Eucalyptus oil and eucalyptus leaf extract may be beneficial in reducing the appearance of acne scars, decreasing the size of sebaceous glands, cutting back on oil production, and fighting bacterial activity. Some studies found that cream containing eucalyptus oil was more effective in treating acne breakouts than some common over-the-counter (OTC) acne treatments.
Studies suggest that eating foods with a high glycemic index (i.e., foods that increase blood sugar), such as processed and fast foods, white rice, white bread, baked goods, cereal, chips, and white potatoes, may lead to more frequent and severe acne breakouts. This may be due to increased blood sugar levels, which spur your body to produce more sebum (oil).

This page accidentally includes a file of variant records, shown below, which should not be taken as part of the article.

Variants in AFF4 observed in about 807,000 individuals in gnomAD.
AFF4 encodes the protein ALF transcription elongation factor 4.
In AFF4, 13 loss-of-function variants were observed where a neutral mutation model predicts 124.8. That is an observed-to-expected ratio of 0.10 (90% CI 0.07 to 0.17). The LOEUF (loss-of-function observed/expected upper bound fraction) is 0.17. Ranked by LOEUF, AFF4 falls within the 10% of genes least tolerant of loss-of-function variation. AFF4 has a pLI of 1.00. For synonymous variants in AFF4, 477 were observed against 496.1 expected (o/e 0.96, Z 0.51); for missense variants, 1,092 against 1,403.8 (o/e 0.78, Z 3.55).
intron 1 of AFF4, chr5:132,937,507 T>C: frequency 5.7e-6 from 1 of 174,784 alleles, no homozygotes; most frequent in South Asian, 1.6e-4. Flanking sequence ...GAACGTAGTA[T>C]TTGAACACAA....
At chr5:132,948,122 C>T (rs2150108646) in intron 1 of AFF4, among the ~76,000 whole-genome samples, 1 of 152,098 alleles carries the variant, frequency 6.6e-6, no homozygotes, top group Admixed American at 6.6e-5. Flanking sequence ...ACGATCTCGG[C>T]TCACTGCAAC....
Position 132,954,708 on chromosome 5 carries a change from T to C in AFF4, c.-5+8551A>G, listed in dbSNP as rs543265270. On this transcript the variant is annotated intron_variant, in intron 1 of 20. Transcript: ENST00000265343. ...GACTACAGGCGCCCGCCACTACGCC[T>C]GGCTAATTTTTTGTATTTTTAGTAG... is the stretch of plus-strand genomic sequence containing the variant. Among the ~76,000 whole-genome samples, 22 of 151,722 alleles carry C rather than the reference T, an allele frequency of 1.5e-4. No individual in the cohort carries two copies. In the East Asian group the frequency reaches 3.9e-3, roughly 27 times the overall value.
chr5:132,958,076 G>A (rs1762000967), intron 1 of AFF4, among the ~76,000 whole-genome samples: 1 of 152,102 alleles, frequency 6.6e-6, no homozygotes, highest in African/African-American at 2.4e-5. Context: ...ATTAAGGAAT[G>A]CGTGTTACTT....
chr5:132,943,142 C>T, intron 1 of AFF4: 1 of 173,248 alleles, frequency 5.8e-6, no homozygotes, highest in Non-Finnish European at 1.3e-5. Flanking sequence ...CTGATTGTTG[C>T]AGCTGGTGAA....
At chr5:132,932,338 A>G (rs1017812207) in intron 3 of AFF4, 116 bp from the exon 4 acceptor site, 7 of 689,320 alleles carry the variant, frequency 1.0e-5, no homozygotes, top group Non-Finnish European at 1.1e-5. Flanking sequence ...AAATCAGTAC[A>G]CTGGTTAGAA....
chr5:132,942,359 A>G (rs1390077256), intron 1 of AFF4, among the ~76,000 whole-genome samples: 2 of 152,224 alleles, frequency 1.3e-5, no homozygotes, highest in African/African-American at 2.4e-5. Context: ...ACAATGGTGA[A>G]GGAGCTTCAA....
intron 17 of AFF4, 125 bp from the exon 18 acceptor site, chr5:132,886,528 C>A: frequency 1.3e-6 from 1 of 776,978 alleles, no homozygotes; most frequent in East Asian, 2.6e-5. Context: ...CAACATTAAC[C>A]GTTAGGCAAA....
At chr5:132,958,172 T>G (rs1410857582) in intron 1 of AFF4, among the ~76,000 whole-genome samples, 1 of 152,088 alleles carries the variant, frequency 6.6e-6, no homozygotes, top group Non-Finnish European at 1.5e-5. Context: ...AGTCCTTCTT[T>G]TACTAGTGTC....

Following an anti-inflammatory, low-glycemic index diet with plenty of fresh fruits, vegetables, beans, and legumes may help to prevent breakouts and reduce oil production. It may also be best to avoid cow’s milk, which has been shown to increase the likelihood of acne breakouts.
Aloe vera is a popular herbal medicine with powerful astringent (cleansing) qualities, which can help to prevent acne breakouts. Aloe vera gel is also soothing and cooling, which makes it a good adjunctive therapy to combat the side effects of stronger acne medications.
Some estimates indicate that lemon juice has been used by around 66% of people with chronic acne vulgaris as a form of complementary medicine. There’s not much clinical evidence as of yet to support its use, and it may be irritating to the skin in some cases.